Copyright guidelines when using library materials
Guidelines for scanning
It is important to understand fair dealing when determining what amount of a work can be scanned. Fair Dealing ordinarily constitutes:
- the use of one article from an issue of a journal
- one chapter from a book
- no more than a small portion of a collective work such as an anthology
Material exceeding these guidelines normally requires copyright clearance prior to access being provided. Obtaining copyright clearance can be lengthy and sometimes costly. Instructors should begin the process well in advance of the course start date.
Fair dealing and the Copyright Act
The Copyright Act allows individuals to make a copy for the purpose of research or private study or for the purpose of criticism and review, as long as the original source is credited. The following provides rules of thumb for adhering to copyright law and fair dealing standards.
- The information provided here is neither legal advice nor a complete guide.
- For more detailed information, see the Copyright Act or the CCH Supreme Court Judgment from 2004.
The Copyright Act says fair dealing is for the purposes of research, private study, criticism, review or news reporting. In the CCH Judgment, the Supreme Court has argued that fair dealing constitutes a user right balanced against the rights of the copyright holder. Furthermore, the Supreme Court argued that fair dealing should be broadly not narrowly interpreted. That said, fair dealing needs to fit the five permitted purposes.
6 deciding factors for fair dealing
The Supreme Court provided in the CCH decision six factors for deciding whether or not something is fair dealing:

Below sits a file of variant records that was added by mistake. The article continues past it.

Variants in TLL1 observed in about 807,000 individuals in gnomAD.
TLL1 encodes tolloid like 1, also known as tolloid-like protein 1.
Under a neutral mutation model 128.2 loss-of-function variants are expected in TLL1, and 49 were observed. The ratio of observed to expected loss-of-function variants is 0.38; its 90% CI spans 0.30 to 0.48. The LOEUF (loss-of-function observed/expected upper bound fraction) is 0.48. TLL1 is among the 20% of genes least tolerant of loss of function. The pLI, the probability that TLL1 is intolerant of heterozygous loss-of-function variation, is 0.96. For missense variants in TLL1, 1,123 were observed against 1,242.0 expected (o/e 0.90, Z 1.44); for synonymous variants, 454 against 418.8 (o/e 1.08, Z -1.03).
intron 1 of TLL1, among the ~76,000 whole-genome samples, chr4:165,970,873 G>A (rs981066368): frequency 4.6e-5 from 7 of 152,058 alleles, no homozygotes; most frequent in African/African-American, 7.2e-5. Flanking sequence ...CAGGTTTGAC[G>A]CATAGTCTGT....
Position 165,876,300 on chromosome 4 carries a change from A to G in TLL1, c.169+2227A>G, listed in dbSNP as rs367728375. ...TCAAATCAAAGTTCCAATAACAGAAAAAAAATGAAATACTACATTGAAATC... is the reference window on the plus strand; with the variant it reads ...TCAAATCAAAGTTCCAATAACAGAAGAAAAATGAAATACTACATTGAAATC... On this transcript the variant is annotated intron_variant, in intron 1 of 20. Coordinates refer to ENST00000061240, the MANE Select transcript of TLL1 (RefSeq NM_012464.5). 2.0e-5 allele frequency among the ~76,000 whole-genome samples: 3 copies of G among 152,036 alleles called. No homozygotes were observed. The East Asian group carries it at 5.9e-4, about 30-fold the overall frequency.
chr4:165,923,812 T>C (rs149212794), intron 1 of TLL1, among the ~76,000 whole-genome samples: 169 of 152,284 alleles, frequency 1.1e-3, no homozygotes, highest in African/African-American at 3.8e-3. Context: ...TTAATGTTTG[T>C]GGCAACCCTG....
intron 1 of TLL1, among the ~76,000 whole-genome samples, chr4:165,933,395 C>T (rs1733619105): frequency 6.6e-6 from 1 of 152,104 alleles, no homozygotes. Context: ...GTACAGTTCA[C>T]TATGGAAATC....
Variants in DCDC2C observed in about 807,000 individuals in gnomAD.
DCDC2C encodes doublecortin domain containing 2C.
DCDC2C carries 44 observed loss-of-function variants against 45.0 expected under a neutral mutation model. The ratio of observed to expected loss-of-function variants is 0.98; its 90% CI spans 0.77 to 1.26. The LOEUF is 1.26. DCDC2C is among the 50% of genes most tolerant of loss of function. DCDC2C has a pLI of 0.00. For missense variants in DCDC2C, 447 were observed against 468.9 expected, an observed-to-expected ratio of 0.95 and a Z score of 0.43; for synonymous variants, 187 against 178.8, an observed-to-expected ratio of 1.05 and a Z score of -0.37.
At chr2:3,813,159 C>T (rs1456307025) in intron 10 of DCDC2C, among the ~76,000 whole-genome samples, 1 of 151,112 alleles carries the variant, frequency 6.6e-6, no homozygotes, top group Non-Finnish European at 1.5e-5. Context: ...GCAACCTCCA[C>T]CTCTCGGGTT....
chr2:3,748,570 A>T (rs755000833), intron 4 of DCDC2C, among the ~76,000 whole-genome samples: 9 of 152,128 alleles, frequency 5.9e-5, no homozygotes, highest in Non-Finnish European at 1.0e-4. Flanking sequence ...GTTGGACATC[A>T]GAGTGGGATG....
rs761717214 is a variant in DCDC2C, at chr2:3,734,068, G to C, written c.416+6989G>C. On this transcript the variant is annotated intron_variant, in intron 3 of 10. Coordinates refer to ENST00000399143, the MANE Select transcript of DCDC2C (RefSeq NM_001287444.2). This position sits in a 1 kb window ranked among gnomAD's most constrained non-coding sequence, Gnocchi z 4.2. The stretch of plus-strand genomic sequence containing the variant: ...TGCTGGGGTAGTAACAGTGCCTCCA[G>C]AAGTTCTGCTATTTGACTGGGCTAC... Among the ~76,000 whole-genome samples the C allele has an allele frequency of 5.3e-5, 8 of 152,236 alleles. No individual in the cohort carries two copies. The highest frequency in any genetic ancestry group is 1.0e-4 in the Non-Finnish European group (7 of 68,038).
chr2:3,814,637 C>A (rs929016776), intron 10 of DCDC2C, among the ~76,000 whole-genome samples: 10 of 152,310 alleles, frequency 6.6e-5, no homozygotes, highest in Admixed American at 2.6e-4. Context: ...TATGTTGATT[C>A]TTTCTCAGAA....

- The purpose of the dealing will be fair if it is for one of the allowable purposes under the Copyright Act, namely research, private study, criticism, review or news reporting
- Character of the dealing
“Single copies are fine, multiple copies tend to be unfair.”
- Amount of the dealing
"...for the purpose of research or private study, it may be essential to copy an entire academic article or an entire judicial decision.”
- Alternatives to the dealing
“...patrons...cannot reasonably be expected to always conduct their research on-site...”
- The nature of the work
“...the Access Policy puts reasonable limits on the Great Library's photocopy service.”
- Effect of the dealing on the work
“...no evidence ...to show that the market for the publishers' works had decreased as a result of these copies having been made.”
Avoiding copyright infringement
Don't post copyrighted material on the open web
- Post material to a website restricted to members of your class such as BlackBoard. According to the Supreme Court in the CCH Decision: If multiple copies of works are being widely distributed, this will tend to be unfair. Posting material to the open web is wide distribution.
Link to existing materials where possible
- Linking to copyrighted material does not violate copyright. When you are linking you are not making a copy. Ethically, you shouldn't provide a link in a framed website that makes the copyright material look like it is coming from your website.
Don't re-digitize material
- Before digitizing material, first check if it is already available electronically from the University Library. If we have a licenced electronic version of a book or journal, we can probably create a persistent link so that a copy isn't made.
Reproduce only the minimum amount of a copyrighted work needed
- The Supreme Court has stated that ...for the purpose of research or private study, it may be essential to copy an entire academic article or an entire judicial decision. That said, you increase your chances of fair dealing by using the smallest portion possible of a copyrighted work. Don't use more than one article from a single issue of a journal or more than one chapter from a book. Use the shortest clip possible of a film. Don't use an entire copyrighted work without getting permission. Ask for advice if you aren't sure.
(Text courtesy of the University of Calgary Library)